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President Obama signs order to begin spending cuts
First Published Mar 01 2013 08:47 am • Last Updated Mar 01 2013 09:57 pm

Gridlocked once more, President Barack Obama and Republican congressional leaders refused to budge in their budget standoff Friday as $85 billion in across-the-board spending cuts bore down on individual Americans and the nation’s still-recovering economy. "None of this is necessary," said the president after a sterile White House meeting that portended a long standoff.

Obama formally enacted the reductions a few hours before the midnight deadline required by law. Yet their impact had been felt thousands of miles away well before then. In Seattle, the King County Housing Authority announced it had stopped issuing housing vouchers under a federal program that benefits "elderly or disabled households, veterans, and families with children."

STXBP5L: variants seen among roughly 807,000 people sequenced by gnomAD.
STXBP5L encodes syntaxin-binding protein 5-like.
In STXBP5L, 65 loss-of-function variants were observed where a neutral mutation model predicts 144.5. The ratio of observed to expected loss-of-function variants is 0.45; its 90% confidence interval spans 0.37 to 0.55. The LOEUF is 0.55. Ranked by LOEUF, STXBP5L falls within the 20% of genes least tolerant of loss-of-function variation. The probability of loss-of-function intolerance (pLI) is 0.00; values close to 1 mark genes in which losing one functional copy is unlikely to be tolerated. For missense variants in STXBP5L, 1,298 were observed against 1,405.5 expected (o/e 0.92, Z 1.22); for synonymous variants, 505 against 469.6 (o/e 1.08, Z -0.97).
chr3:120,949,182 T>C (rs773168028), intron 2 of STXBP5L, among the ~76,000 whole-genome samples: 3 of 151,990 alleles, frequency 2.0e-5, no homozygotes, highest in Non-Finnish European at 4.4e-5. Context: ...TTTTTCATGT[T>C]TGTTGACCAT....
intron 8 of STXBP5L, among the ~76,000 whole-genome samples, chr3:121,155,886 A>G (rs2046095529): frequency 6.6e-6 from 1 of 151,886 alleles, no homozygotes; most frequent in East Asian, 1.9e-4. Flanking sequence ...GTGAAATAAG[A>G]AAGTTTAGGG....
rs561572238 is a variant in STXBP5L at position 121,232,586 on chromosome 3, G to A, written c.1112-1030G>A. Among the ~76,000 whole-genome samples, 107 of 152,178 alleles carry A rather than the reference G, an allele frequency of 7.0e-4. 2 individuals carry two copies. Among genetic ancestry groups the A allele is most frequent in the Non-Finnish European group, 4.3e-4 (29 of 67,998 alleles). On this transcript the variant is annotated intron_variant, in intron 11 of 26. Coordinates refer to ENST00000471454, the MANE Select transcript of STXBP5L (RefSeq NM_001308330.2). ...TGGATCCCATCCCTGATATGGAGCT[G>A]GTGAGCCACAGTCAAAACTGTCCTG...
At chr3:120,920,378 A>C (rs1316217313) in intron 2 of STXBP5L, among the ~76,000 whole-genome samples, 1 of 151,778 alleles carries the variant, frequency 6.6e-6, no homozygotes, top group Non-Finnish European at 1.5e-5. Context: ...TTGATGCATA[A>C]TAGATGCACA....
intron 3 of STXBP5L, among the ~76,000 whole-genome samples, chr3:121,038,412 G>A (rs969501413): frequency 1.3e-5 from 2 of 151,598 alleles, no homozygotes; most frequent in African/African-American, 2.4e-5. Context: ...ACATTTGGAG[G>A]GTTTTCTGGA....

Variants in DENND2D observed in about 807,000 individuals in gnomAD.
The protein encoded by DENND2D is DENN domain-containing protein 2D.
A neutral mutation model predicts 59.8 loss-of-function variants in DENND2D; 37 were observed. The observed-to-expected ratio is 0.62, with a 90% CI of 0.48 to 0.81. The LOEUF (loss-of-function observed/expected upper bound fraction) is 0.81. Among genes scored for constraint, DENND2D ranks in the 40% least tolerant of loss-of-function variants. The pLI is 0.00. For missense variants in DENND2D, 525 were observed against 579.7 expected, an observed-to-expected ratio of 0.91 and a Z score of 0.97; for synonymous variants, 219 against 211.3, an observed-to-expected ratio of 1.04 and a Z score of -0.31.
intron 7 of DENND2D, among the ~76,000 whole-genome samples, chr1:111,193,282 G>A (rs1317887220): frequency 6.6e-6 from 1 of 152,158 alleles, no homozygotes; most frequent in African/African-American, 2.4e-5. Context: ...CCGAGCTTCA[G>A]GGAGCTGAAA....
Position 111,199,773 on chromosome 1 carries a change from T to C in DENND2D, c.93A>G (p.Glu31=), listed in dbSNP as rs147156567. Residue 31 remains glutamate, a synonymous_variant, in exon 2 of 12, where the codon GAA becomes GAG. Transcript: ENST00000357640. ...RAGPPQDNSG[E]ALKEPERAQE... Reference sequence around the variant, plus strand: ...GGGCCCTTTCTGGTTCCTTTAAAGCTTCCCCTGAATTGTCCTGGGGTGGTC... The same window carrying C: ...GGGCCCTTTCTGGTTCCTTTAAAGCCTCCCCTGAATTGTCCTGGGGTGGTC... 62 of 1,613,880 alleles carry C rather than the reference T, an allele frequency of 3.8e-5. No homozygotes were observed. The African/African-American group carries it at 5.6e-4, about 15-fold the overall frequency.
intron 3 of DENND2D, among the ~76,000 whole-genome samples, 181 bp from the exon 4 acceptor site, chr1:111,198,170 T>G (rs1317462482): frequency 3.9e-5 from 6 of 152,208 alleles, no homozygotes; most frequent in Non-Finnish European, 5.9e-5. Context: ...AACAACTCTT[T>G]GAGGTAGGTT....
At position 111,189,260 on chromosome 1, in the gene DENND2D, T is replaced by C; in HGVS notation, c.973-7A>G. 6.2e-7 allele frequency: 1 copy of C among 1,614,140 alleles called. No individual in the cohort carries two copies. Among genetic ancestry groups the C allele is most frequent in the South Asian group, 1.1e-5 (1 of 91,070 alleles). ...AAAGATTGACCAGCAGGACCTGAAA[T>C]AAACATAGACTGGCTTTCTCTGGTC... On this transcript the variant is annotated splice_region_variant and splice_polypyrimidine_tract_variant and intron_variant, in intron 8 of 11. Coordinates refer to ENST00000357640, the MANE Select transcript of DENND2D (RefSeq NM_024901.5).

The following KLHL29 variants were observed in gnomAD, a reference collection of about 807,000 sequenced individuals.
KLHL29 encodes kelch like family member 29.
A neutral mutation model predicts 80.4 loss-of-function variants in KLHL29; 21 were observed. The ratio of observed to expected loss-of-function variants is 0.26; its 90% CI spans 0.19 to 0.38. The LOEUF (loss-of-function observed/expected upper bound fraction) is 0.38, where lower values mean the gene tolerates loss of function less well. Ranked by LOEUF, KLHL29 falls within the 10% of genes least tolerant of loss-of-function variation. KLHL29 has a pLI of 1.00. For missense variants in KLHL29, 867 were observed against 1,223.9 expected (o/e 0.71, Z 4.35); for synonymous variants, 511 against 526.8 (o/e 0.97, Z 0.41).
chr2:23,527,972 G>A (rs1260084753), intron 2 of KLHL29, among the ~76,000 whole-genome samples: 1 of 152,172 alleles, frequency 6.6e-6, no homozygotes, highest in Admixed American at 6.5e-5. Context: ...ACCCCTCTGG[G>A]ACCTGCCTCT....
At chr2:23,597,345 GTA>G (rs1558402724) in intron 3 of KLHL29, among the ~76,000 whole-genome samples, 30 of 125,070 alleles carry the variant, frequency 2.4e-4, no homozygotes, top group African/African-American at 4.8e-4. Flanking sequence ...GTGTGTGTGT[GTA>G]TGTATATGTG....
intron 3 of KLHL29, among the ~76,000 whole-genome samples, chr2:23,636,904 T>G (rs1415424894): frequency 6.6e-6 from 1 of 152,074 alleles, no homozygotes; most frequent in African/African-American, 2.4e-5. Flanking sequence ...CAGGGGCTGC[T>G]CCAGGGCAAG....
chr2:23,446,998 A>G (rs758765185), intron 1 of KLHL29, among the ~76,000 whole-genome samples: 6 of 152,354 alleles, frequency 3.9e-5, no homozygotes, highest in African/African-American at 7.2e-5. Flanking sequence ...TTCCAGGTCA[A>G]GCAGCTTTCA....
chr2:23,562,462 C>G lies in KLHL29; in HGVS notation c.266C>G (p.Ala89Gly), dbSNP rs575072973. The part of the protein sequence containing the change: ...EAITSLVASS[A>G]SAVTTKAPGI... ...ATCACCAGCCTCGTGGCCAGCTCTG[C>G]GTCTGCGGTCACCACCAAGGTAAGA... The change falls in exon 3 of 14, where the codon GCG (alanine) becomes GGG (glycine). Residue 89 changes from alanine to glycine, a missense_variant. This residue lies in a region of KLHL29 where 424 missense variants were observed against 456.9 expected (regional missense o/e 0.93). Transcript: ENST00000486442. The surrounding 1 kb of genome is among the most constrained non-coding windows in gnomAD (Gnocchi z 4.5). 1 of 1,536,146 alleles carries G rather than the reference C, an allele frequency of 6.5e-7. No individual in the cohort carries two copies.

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At a glance

Herbert: “Butt-biting time”

Gov. Gary Herbert said Thursday that he expects the sequestration to kick in at the end of the week and the $85 billion in cuts will hurt, but are necessary.

“We have always said that if we continue to [borrow and spend] it’s going to come back and bite us in the butt,” Herbert said. “Its butt-biting time right now. So we’re going to find some pain. We’re going to find some inconveniences here.”

However, Herbert compared the spending and debt problem in the country to a tumor, and said that while it may be painful, its best to have the tumor removed before it does more damage.

In the long-run, the governor said gaining some fiscal stability will provide certainty to the economy and help spur long-term growth.